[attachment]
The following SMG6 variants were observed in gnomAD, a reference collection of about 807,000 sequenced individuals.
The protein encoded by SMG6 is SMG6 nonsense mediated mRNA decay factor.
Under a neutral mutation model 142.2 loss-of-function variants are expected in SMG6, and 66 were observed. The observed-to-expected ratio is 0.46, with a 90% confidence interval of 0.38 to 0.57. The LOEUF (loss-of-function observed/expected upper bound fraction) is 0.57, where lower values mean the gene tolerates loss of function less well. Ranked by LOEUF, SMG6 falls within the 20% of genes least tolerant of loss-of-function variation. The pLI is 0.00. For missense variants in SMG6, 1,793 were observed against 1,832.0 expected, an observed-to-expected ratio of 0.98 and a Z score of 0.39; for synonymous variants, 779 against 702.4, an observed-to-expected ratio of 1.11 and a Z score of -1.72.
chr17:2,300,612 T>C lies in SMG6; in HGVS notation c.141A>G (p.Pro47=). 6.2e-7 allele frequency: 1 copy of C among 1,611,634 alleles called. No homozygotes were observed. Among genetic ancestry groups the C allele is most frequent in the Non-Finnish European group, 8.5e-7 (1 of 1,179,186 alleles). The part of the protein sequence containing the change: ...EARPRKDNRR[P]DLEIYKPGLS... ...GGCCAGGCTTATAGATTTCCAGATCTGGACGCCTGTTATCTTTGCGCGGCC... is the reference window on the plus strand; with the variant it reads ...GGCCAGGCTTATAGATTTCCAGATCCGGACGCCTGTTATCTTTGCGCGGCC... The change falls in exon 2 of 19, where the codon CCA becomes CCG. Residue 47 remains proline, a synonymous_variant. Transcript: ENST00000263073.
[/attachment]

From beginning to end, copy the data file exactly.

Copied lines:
The following SMG6 variants were observed in gnomAD, a reference collection of about 807,000 sequenced individuals.
The protein encoded by SMG6 is SMG6 nonsense mediated mRNA decay factor.
Under a neutral mutation model 142.2 loss-of-function variants are expected in SMG6, and 66 were observed. The observed-to-expected ratio is 0.46, with a 90% confidence interval of 0.38 to 0.57. The LOEUF (loss-of-function observed/expected upper bound fraction) is 0.57, where lower values mean the gene tolerates loss of function less well. Ranked by LOEUF, SMG6 falls within the 20% of genes least tolerant of loss-of-function variation. The pLI is 0.00. For missense variants in SMG6, 1,793 were observed against 1,832.0 expected, an observed-to-expected ratio of 0.98 and a Z score of 0.39; for synonymous variants, 779 against 702.4, an observed-to-expected ratio of 1.11 and a Z score of -1.72.
chr17:2,300,612 T>C lies in SMG6; in HGVS notation c.141A>G (p.Pro47=). 6.2e-7 allele frequency: 1 copy of C among 1,611,634 alleles called. No homozygotes were observed. Among genetic ancestry groups the C allele is most frequent in the Non-Finnish European group, 8.5e-7 (1 of 1,179,186 alleles). The part of the protein sequence containing the change: ...EARPRKDNRR[P]DLEIYKPGLS... ...GGCCAGGCTTATAGATTTCCAGATCTGGACGCCTGTTATCTTTGCGCGGCC... is the reference window on the plus strand; with the variant it reads ...GGCCAGGCTTATAGATTTCCAGATCCGGACGCCTGTTATCTTTGCGCGGCC... The change falls in exon 2 of 19, where the codon CCA becomes CCG. Residue 47 remains proline, a synonymous_variant. Transcript: ENST00000263073.